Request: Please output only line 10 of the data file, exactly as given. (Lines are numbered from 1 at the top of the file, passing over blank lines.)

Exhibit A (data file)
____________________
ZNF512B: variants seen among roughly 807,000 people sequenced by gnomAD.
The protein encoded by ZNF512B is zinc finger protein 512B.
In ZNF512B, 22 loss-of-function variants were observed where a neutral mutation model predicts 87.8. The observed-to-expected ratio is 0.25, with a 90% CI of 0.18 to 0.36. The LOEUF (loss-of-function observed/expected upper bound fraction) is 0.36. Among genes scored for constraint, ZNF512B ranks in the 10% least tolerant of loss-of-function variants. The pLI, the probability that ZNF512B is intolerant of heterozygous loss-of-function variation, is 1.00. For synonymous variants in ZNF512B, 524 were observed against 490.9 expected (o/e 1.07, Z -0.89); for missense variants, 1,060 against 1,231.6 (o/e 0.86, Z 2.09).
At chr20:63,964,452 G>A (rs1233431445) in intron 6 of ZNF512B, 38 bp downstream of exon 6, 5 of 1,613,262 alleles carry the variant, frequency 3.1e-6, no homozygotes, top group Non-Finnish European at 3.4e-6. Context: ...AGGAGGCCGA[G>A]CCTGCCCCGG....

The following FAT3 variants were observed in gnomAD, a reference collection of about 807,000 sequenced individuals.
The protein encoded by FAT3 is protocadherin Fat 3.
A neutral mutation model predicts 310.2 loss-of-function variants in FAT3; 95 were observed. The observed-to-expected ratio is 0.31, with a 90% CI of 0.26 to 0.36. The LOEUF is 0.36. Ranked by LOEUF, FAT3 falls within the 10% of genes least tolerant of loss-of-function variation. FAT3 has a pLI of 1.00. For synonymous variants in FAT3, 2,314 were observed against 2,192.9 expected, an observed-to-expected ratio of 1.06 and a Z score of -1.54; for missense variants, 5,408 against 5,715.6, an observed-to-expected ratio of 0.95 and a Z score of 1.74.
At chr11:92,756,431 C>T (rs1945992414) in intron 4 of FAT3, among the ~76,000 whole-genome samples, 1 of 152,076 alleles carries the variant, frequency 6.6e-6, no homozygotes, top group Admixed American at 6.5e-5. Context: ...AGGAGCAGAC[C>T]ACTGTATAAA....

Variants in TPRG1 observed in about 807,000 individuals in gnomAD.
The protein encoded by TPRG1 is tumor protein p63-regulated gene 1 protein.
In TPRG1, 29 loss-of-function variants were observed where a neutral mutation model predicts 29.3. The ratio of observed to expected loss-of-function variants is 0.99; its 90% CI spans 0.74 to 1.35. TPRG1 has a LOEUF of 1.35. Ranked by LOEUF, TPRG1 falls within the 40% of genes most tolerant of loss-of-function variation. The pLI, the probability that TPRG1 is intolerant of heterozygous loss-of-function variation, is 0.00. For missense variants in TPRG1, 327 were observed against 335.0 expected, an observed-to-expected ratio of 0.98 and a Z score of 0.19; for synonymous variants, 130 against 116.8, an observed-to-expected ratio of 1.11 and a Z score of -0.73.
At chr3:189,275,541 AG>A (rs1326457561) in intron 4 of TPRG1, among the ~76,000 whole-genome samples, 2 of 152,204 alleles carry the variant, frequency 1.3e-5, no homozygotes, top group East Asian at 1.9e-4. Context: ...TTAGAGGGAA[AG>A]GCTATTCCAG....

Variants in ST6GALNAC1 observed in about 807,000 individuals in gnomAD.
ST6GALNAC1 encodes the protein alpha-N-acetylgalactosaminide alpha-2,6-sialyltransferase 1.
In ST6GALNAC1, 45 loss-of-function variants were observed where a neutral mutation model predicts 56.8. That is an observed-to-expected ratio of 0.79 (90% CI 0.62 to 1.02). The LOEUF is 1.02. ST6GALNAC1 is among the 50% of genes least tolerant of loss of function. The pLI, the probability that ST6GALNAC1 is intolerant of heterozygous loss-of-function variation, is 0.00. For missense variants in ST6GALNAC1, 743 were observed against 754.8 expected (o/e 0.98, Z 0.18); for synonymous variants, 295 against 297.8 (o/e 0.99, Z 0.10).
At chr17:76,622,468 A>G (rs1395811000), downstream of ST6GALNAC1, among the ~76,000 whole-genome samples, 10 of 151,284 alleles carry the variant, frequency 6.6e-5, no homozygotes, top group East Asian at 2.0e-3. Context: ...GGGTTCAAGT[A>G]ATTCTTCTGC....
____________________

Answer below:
The protein encoded by TPRG1 is tumor protein p63-regulated gene 1 protein.